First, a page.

Dr Sultan Al Jaber, the President-designate of Cop28, has emphasized the clear connection between health and climate change. He has pledged that health will be a central focus of climate discussions during the conference later this year. Speaking at the UN General Assembly and New York Climate Week, Dr Al Jaber stated that the Cop process has not previously given sufficient attention to the impact of climate change on health. He stressed the need for change and for ambitious investment in the health sector to build resilient and equitable health systems capable of withstanding the impact of climate change. Dr Al Jaber highlighted the risks posed by climate change to health, including shifting disease patterns, expanding vectors, and the resurgence of previously contained diseases. He cited World Health Organisation statistics revealing that air pollution alone leads to more than seven million deaths annually and that vector-borne diseases, such as malaria, are disproportionately affecting vulnerable communities due to rising temperatures and changing weather patterns. Cop28 Health Day, scheduled for December 3, will address the fragility of public health systems worldwide, as exposed by the Covid-19 pandemic, and the urgent need for transformative changes to adapt these systems in response to climate change. Dr Al Jaber emphasized the importance of bringing together partners who can make a positive difference in addressing these issues.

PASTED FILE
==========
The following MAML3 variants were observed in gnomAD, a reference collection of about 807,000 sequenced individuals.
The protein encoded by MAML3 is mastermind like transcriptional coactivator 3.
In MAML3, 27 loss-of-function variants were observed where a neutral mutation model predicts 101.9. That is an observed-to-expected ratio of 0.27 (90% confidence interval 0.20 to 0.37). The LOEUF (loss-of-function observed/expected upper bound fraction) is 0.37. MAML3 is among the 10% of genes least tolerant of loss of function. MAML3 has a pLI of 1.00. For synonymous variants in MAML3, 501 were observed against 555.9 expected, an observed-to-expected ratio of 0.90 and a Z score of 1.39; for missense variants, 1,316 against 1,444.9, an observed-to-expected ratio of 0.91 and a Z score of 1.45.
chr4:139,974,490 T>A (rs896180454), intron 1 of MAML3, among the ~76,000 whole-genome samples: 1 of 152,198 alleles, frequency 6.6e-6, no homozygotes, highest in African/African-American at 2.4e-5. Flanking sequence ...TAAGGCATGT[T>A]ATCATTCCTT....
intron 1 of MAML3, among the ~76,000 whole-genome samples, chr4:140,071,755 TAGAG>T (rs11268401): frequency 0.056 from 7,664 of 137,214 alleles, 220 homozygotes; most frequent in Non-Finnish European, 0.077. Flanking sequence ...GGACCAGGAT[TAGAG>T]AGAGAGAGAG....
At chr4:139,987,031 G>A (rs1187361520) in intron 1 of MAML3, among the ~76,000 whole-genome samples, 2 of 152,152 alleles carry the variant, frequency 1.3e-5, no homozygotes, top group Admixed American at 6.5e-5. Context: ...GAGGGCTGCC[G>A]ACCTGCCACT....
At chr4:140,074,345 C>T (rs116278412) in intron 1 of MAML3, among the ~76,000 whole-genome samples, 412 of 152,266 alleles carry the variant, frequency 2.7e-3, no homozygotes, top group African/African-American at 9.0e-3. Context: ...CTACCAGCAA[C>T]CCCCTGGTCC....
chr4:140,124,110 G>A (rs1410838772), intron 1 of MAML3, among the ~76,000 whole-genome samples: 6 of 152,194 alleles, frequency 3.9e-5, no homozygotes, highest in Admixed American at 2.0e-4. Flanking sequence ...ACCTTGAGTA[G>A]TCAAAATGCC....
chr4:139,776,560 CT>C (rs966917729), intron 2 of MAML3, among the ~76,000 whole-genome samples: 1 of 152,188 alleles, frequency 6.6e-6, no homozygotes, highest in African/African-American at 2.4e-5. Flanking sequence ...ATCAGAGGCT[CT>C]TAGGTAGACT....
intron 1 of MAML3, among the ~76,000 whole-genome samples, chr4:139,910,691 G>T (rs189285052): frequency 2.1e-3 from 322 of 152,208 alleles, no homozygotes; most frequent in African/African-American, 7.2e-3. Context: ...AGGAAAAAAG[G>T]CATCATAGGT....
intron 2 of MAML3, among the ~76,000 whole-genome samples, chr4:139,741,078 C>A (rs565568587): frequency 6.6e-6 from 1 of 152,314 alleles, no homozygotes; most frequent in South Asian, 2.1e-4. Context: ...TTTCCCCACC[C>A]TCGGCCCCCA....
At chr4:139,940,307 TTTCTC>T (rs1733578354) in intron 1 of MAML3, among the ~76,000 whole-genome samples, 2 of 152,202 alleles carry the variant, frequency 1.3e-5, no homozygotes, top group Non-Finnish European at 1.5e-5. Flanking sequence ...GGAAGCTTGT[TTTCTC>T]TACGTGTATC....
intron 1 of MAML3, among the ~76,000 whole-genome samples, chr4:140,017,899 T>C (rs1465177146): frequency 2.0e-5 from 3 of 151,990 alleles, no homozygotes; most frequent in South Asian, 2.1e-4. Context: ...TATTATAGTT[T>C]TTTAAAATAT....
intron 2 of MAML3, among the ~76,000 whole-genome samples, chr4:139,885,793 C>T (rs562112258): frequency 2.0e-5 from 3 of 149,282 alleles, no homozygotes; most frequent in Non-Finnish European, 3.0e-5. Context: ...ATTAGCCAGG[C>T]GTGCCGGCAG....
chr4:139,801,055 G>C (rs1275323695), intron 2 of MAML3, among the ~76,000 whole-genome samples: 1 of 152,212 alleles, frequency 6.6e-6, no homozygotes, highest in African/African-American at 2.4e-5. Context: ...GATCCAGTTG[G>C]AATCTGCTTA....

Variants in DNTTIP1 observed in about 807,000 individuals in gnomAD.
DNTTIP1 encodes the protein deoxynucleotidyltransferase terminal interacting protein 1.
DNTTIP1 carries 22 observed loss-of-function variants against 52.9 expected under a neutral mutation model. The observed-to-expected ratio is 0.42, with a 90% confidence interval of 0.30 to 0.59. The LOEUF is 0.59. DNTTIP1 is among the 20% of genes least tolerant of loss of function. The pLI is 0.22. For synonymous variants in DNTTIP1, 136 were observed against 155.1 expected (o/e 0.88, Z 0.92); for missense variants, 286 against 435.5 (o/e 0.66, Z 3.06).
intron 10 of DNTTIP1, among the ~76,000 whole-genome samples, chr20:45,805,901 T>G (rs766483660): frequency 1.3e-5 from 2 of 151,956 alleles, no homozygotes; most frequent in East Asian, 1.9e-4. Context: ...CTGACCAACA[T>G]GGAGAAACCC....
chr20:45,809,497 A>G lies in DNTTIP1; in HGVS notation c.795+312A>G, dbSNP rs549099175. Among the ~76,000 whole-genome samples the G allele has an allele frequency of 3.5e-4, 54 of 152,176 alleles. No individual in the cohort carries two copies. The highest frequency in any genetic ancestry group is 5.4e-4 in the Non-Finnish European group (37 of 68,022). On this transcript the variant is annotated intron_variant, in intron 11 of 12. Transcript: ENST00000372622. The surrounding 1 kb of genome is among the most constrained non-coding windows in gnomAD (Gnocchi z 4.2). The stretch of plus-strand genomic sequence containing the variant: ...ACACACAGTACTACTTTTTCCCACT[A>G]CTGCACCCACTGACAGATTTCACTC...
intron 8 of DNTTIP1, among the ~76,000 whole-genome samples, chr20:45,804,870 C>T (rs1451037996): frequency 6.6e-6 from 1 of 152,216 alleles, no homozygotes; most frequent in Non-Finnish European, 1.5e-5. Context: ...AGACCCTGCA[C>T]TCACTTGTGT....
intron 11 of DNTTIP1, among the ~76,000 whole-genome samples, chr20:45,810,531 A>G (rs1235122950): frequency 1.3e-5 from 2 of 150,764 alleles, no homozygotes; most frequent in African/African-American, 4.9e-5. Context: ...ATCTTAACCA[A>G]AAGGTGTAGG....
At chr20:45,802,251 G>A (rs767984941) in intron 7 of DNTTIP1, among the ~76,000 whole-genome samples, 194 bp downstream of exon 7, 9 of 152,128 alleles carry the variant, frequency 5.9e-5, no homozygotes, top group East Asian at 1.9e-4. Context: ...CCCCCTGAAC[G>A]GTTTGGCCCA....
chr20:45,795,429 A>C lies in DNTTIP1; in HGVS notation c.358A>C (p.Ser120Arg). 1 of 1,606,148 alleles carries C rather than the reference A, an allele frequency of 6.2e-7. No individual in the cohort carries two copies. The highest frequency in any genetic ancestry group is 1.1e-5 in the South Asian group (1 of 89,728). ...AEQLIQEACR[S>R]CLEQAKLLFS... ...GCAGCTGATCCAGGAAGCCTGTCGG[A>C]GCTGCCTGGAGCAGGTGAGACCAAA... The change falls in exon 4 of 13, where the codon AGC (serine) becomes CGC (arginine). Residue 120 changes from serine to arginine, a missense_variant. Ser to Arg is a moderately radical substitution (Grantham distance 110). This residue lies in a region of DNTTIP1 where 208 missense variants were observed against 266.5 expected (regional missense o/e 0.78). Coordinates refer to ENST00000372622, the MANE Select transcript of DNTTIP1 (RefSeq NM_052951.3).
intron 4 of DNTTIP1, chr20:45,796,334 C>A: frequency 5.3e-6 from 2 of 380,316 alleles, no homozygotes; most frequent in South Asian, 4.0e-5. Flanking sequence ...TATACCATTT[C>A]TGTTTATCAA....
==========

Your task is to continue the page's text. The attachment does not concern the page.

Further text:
“We are determined to reverse these trends by bringing the world together around an inclusive action agenda centred around a just transition, fairer climate finance and improved lives and livelihoods.” said Dr Al Jaber he also called for increased concessional funds to the Global South to lower risks and attract private capital. He emphasised the need to rebalance finance and called on governments to double adaptation finance by 2025, urging them to contribute generously to replenish the Green Climate Fund.
Cop28 will take place at Dubai's Expo City from